In January 1854, he and his wife Penelope Sarah ("Sal") moved from St. John Parish and Wilton Presbyterian Church (January 1849-December 53) to Charleston to assume the work begun by John B. Adger and the session of Second Presbyterian Church. The work was designed to establish a church for and of the slaves. In 1850, citizens of Charleston built a meeting house on Anson Street for the exclusive use of the slaves. After Adger's health failed, Girardeau was handpicked by Adger and Smyth to lead the work forward. The work expanded from thirty-six black members when Girardeau arrived to over 600 at the time of the American Armageddon. He preached to over 1,500 weekly from 1859 through 1861.

In 1858/59 the Anson Street Mission experienced a marvelous revival and in April 1859 they moved into a new building at the prestigious and prime intersection of Meeting and Calhoun Streets. The black membership was given the privilege of naming their church (which was particularized in 1858) and they chose "Zion." Zion Presbyterian Church became famous for Girardeau's preaching-he was called "the Spurgeon of America"-, but it was also noteworthy for its diaconal ministry in the community, catechetical training of hundreds in the city, sewing clubs for the women, and missionary activity. The outreach and influence of Zion was of such public notoriety that Girardeau and the session were often criticized and sometimes physically threatened. For example, the catechetical training and teaching of hymns and psalms was so effective that some Charlestonians believed Girardeau was teaching the slaves to read for themselves (which was contrary to state law).

After the War and before Girardeau could return to Charleston, a number of freedmen of Zion Presbyterian Church beckoned Girardeau to return to "the Holy City" and resume his work with them. They desired to have their white pastor whom they knew, loved, and respected, rather than a black missionary from the North. Throughout the post-War and Reconstruction years, he arduously worked amongst both black and white in Charleston. He mightily labored within the Southern Presbyterian Church to see that the freedmen were included in the church and in 1869 he nominated seven freedmen for the office of ruling elder in Zion Presbyterian Church, preached the ordination service, and with the white members of his session laid hands on his black brothers.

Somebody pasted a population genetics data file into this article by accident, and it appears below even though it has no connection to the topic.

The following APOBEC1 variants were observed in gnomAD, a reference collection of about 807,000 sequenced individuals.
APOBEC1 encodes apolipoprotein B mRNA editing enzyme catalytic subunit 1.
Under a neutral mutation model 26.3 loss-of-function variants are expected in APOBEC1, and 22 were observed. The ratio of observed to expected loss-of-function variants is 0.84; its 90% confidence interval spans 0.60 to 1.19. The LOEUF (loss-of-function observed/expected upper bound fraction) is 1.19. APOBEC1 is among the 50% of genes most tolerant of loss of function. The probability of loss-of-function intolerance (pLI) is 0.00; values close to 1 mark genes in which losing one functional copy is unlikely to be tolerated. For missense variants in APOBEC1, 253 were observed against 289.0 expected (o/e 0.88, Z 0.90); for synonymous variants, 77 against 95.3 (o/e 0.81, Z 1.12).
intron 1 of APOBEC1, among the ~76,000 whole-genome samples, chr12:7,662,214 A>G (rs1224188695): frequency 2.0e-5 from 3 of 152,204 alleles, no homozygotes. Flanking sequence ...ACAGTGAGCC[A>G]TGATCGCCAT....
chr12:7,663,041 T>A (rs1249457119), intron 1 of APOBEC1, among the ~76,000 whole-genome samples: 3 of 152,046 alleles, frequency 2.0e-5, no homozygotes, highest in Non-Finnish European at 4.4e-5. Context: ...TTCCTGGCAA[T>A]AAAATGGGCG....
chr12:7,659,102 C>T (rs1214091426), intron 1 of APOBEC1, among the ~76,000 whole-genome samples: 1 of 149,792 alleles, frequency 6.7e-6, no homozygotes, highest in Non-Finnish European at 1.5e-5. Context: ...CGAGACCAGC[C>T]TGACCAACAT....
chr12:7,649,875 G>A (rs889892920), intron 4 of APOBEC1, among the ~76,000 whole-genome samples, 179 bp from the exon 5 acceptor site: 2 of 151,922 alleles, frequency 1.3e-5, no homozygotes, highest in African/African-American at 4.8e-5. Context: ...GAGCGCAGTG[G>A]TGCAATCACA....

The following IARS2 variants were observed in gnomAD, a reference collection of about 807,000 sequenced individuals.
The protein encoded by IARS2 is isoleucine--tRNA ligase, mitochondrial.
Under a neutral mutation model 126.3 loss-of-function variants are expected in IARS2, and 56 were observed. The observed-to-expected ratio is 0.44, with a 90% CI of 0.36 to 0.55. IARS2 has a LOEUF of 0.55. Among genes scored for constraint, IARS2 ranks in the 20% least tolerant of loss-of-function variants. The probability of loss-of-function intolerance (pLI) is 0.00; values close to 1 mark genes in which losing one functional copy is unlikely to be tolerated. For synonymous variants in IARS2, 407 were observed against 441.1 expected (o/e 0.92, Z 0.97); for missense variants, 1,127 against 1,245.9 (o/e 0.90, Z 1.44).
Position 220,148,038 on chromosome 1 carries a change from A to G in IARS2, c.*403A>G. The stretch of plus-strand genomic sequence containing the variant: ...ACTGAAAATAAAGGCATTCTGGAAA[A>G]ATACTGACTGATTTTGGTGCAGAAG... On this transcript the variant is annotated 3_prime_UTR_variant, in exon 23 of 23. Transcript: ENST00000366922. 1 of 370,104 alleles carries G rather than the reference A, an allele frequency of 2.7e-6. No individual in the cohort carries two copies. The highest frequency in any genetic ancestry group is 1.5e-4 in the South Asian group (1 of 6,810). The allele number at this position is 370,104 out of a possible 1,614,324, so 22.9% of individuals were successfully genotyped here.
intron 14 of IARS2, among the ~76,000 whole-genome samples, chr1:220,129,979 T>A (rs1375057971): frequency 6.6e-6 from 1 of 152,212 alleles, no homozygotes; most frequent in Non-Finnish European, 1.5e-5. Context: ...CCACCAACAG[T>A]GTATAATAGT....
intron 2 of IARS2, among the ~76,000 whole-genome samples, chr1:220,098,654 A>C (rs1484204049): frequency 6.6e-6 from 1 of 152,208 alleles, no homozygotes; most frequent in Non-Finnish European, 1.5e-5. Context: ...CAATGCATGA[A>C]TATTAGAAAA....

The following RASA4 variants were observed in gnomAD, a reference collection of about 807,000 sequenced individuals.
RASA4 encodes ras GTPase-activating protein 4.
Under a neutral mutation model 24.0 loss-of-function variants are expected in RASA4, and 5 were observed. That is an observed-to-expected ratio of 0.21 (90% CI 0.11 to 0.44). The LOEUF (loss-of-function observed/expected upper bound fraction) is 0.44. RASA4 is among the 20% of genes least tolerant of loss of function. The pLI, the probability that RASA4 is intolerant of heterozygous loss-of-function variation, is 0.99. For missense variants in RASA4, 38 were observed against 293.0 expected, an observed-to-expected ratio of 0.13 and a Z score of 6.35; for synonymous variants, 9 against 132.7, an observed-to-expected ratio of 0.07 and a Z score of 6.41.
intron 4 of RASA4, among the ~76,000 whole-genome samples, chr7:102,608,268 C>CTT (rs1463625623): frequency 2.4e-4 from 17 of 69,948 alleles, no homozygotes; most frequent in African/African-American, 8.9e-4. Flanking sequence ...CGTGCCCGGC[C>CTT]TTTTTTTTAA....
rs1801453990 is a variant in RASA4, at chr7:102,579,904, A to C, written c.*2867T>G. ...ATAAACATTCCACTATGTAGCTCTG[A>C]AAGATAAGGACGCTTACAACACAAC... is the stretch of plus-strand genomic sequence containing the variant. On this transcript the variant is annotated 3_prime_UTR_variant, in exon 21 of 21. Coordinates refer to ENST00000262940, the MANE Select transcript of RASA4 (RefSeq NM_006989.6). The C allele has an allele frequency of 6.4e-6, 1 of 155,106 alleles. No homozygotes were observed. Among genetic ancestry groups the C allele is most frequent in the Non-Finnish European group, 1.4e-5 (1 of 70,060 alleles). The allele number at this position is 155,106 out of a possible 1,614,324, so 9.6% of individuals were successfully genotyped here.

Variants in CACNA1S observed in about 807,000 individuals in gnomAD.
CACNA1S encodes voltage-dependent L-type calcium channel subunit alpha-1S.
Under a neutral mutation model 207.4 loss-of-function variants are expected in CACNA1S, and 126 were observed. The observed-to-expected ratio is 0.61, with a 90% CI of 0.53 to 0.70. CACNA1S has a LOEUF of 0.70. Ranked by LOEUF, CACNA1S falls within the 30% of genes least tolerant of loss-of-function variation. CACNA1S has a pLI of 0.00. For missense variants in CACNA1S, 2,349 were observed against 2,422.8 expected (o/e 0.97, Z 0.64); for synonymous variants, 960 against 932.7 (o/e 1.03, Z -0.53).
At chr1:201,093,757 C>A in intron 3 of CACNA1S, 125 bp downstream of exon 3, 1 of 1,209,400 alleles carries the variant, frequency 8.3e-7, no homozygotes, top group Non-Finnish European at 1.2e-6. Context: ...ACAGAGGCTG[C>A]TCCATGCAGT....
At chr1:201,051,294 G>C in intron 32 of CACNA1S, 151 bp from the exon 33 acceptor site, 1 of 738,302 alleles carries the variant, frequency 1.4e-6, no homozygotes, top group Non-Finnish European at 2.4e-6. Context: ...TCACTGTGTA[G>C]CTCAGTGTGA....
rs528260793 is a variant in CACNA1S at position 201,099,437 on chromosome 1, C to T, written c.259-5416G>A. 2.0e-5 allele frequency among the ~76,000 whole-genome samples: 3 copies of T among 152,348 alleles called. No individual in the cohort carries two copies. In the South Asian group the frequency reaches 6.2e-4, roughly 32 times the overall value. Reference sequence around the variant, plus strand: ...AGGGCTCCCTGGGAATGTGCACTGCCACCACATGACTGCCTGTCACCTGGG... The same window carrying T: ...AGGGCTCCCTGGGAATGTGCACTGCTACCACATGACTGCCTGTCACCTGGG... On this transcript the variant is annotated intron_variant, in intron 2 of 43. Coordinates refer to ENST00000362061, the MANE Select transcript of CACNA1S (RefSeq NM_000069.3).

Unfortunately, the pressures of Reconstruction and the Freedmen's Bureau, and the hardened positions of notables like B. M. Palmer and R. L. Dabney brought the church to a pivotal moment. The weight of political and social issues eventuated in "organic separation" of white membership and black membership and the formation of churches along the color line. Girardeau alone dissented against the resolution at the 1874 General Assembly in Columbus, Mississippi, for which he served as Moderator.

In 1875, B. M. Palmer nominated Girardeau for Professor of Didactic and Polemic Theology at Columbia Seminary, a position W. S. Plumer had held since 1866. In January 1876 he began his seminary labors which lasted until June 1895. During his academic career he continued as a popular preacher in the Southern Church, defended biblical orthodoxy against the inroads of modernism in the Woodrow Controversy at Columbia Seminary, labored actively against union with the Northern Presbyterian Church, served the courts of the church tirelessly, contributed many theological, ecclesiological, and philosophical articles to academic journals, and wrote several important monographs on theology, worship, and philosophy. He made significant contributions to the doctrine of adoption and the diaconate.